In 2014, Liz Veyhl founded Small World Yoga (SWY), a nonprofit that makes yoga available to diverse communities that don’t otherwise have access. The need was clearly there: In 2017 alone, the organization doubled in size, from serving 30 partner locations to 57. Now, more than 1,300 people take advantage of the free asanas of...
Eason received $40,000 to launch MILK, an app that rewards users for turning off their phones when they shouldn’t be using them.
When Courtney "Coko" Eason worked at Sony/ATV Music Publishing, she also launched a business of her own called Soundtrack Entertainment that organized urban music events in Nashville. She would get a solid crowd and celebrities on the scene, and she was often credited for helping to build street cred for Music City's hip hop scene.
"But I couldn't get people to enga...
"I am not only making my mom proud, but carrying on the legacy of female country artists," says Abby Anderson of being one of the nine acts named to CMT's Next Women of Country 2018 class on Tuesday.
The deep-voiced singer-songwriter sees herself, and the women with whom she shared Nashville's City Winery stage for the announcement concert, as carrying the torch of those who came before: Loretta, Miranda, Carrie, Wynonna and Shania.
Anderson's "With the Radio On," an autobiographical tale of ...
As the co-practice group leader for government contracts, investigations and international trade at Sheppard, Mullin, Richter & Hampton in Washington, D.C., Jonathan Aronie has had a lot of interesting cases over the course of his career. But there’s one he calls “the most challenging and most rewarding case I have handled.”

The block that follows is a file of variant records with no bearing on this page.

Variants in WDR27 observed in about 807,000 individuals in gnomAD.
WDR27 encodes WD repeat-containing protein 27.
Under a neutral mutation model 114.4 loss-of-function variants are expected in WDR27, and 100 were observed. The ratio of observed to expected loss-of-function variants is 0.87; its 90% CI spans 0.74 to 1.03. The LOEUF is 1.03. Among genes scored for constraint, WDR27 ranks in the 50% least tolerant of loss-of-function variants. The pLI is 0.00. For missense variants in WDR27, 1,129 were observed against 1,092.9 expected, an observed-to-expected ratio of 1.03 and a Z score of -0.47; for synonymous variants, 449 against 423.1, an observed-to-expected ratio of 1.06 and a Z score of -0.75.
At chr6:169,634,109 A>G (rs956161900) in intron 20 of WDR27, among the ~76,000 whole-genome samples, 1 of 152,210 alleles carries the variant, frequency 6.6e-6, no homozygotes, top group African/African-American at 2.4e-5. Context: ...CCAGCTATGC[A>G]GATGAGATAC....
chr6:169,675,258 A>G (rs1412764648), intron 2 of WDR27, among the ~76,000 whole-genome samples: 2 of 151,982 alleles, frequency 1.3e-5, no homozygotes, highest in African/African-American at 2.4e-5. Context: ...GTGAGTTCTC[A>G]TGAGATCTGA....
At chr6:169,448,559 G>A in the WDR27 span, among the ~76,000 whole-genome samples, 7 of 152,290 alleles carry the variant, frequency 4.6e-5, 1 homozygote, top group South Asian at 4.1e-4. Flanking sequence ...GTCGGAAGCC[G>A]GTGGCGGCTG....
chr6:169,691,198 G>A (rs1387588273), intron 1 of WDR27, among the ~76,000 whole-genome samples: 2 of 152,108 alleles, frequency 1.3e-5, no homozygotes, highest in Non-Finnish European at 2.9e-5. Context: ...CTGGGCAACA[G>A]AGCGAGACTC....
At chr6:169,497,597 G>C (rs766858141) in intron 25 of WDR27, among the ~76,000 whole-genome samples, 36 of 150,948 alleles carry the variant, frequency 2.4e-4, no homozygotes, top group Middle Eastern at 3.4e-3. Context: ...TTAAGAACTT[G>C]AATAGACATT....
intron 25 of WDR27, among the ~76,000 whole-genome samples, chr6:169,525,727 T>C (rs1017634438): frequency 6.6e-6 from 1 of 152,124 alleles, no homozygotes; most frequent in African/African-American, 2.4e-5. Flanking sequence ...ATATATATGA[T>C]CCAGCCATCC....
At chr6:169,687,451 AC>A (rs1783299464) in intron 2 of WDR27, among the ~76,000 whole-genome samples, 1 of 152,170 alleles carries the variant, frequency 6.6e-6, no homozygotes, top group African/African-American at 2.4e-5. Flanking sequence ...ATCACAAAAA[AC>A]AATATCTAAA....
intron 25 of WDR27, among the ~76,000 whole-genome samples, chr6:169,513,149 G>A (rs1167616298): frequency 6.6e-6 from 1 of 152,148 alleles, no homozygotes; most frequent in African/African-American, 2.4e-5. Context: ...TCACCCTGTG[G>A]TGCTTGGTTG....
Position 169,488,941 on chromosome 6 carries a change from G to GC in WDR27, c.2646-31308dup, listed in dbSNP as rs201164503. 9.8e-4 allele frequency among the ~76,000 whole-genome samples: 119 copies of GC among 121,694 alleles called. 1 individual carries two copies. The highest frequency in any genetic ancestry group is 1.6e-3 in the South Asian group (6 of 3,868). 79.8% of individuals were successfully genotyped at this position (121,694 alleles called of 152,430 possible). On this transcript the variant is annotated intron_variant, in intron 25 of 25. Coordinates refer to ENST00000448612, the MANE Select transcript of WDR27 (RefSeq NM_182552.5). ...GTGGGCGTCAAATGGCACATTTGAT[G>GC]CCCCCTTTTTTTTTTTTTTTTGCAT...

In 2013, Aronie was a member of a team appointed by the U.S. District Court for the Eastern District of Louisiana to monitor the New Orleans Police Department.
If Adam Sandler’s “The Hanukkah Song” were rewritten with a twang and a steel guitar, it would name check the following artists: Si Siman, Barbi Benton, Nudie Cohn, Bob Dylan, Paul Cohen, Ray Benson, Kinky Friedman (that one might be in the chorus; he comes up a lot).
As Sandler would have said, “They’re Jewish, too.” In fact, in every decade since country music came into its own in Nashville, Tennessee, more than 90 years ago, Jews have influenced the Music City sound.
Of course, Jews are no...
Has James Mackler taken leave of his senses? Resigning from a comfortable partnership in one of Nashville’s top law firms? And to run for the U.S. Senate in a Mid-South Bible Belt state as a Jew, married to a rabbi—and, maybe tougher—as a progressive Democrat?
Sitting in an unassuming local coffee shop, the fit, dark-haired Army veteran recalled hearing that same question the last time he left his legal practice—to fly a Blackhawk helicopter in the Iraq War.
Not surprisingly, that’s a career ...
STAY, Tony Baker's new East Nashville furniture company invites you to sit for a while.
"I was innately drawn to these places that had beautiful, simple design."
It was then that Baker started his next act. Instead of picking up the camera, he picked up a pencil and started designing furniture. His benches, tables, planters, and even a bed, are meant to be "legacy pieces," the opposite of the fast fashion and the album covers he had created over his career. They also reflected where the then-...